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Maj. Rick Brown receives the Bronze Star with valor Friday from Brig. Gen. Frank Panter at Camp Kinser, Okinawa, as Lt. Col. Alex Vohr watches. Vohr nominated Brown for the award because of Brown’s leadership as executive officer of the 31st Marine Expeditionary Unit before and during such key moments as the Battle of Fallujah in Iraq.

Maj. Rick Brown receives the Bronze Star with valor Friday from Brig. Gen. Frank Panter at Camp Kinser, Okinawa, as Lt. Col. Alex Vohr watches. Vohr nominated Brown for the award because of Brown’s leadership as executive officer of the 31st Marine Expeditionary Unit before and during such key moments as the Battle of Fallujah in Iraq. (Erik Slavin / S&S)

CAMP KINSER, Okinawa — A Marine officer received the bronze star with a combat “V” for his leadership in Iraq at the Kinser Surfside on Friday in front of several dozen of his fellow Marines.

Maj. Rick Brown received the medal for his leadership as executive officer of the 31st Marine Expeditionary Unit’s Service Support Group 31, which returned from Iraq in recent months after duty in some of the nation’s toughest areas.

“He is the type of officer who will give of himself [and] doesn’t think of himself,” said Brig. Gen. Frank Panter, commander of the 3rd Force Service Support Group. “[For Brown], it’s all about the Marines and sailors.”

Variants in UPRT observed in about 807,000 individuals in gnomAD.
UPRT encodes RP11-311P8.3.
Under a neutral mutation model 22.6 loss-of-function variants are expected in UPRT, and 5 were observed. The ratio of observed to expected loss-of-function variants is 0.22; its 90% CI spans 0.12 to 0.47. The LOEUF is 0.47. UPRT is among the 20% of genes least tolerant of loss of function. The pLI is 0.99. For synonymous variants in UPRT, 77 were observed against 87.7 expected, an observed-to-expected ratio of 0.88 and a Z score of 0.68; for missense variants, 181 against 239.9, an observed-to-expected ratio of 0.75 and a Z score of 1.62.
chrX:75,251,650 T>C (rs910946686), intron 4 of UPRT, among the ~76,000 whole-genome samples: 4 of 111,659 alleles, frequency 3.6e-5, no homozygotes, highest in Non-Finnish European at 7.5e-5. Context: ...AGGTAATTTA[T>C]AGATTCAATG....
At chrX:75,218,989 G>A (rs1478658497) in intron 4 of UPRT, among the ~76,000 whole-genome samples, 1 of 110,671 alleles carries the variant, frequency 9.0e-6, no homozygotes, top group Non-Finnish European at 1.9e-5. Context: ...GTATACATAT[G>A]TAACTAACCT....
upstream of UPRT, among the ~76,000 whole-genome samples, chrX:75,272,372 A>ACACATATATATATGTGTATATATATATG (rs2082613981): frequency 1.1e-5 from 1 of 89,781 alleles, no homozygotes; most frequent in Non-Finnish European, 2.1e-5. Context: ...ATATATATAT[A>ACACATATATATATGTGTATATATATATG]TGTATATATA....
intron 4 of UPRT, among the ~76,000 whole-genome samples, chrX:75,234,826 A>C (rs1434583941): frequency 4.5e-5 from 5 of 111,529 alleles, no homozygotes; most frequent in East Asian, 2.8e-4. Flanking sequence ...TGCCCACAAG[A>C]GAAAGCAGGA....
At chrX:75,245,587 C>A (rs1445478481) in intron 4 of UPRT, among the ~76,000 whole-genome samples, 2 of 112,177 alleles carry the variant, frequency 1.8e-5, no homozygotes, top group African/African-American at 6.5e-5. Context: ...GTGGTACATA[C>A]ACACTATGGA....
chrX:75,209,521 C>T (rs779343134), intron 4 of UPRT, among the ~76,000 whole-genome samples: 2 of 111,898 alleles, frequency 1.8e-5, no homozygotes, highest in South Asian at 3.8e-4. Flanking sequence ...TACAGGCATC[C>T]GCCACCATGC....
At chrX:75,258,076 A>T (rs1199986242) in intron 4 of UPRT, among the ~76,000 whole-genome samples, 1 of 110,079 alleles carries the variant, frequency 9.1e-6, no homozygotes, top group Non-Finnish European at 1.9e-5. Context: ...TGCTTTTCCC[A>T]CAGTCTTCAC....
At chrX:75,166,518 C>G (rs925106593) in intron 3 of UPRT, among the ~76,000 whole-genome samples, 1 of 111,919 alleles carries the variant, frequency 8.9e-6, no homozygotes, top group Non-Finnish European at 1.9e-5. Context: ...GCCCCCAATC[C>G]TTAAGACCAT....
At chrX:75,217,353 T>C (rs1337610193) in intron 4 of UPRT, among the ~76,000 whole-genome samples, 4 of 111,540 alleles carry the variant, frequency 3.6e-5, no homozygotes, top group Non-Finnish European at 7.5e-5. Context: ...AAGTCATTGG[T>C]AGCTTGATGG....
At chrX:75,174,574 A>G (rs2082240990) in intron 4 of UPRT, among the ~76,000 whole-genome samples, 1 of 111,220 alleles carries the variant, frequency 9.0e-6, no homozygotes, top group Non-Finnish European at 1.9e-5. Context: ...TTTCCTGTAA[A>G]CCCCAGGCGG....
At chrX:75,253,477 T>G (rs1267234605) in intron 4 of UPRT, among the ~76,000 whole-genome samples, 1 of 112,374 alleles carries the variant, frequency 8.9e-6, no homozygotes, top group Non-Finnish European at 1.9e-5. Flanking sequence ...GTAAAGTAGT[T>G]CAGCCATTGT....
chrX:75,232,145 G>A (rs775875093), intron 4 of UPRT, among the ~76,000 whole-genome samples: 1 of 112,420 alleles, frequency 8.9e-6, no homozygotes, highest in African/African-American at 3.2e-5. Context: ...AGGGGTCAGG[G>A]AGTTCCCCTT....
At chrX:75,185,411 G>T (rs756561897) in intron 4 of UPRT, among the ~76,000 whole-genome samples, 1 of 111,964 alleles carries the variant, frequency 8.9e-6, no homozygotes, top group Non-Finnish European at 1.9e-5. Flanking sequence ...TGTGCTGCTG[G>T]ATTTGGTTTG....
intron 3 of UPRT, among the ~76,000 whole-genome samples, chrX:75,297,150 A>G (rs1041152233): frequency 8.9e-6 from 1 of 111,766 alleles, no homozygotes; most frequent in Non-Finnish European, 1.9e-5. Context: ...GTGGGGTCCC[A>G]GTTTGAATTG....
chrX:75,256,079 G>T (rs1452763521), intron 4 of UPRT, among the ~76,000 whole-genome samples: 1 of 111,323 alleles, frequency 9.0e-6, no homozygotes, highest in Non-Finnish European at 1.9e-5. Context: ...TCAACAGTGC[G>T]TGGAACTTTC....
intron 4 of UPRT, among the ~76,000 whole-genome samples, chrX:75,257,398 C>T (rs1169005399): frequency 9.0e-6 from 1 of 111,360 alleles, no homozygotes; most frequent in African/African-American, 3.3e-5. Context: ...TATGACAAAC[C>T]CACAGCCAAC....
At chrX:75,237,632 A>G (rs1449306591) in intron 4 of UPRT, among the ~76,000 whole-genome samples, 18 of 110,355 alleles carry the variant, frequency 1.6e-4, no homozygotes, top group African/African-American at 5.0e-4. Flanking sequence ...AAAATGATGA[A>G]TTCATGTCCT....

Originally designated as a theater Reserve unit, the 31st MEU could have deployed to Afghanistan or several other areas under Central Command’s purview, Brown said.

In October 2004, Brown and his troops got the go-ahead to move into position for what would become the Battle of Fallujah, and to do it within 17 days.

Brown organized a convoy for the 500-mile trek, and also integrated servicemembers attached to the 31st MEU.

The unit would end up with multiple Marine and Army battalions attached to it, which was historic, Brown said.

“The MEU gets supported usually with only one battalion,” he said.

During full-scale fighting in November, they supported Regimental Combat Team 7, which covered the eastern half of Fallujah.

Their responsibilities included evacuating prisoners taken during the fight, transporting Iraqi troops across the theater and removing ordnance, including a multi-ton cache at one site. The find included everything from French and Russian weapons to missiles, mortars and even a U.S. Navy 500-pound bomb.

“The weapons cache was too big to blow up in place without taking out a city block,” Brown said.

Despite ongoing insurgent attacks, unit servicemembers successfully removed the weapons from the area.

The 31st MEU also protected polling areas during Iraq’s elections in January. Seeing large numbers of Iraqis turn out to the polls despite the inherent danger was a highlight of the deployment, Brown said.

“That was very inspirational to our Marines,” he said.

But what sticks out most about the experience in Brown’s mind is that while some servicemembers under his command sustained injuries, none were killed.

“The best thing was not having to write a letter home to a father or mother,” Brown said.

Brown has been based on Okinawa for two years with his wife, Karen, and three children. He currently serves as executive officer of the Materiel Readiness Battalion.

Lt. Col. Alex Vohr, Brown’s commanding officer in Iraq, nominated him for the commendation.

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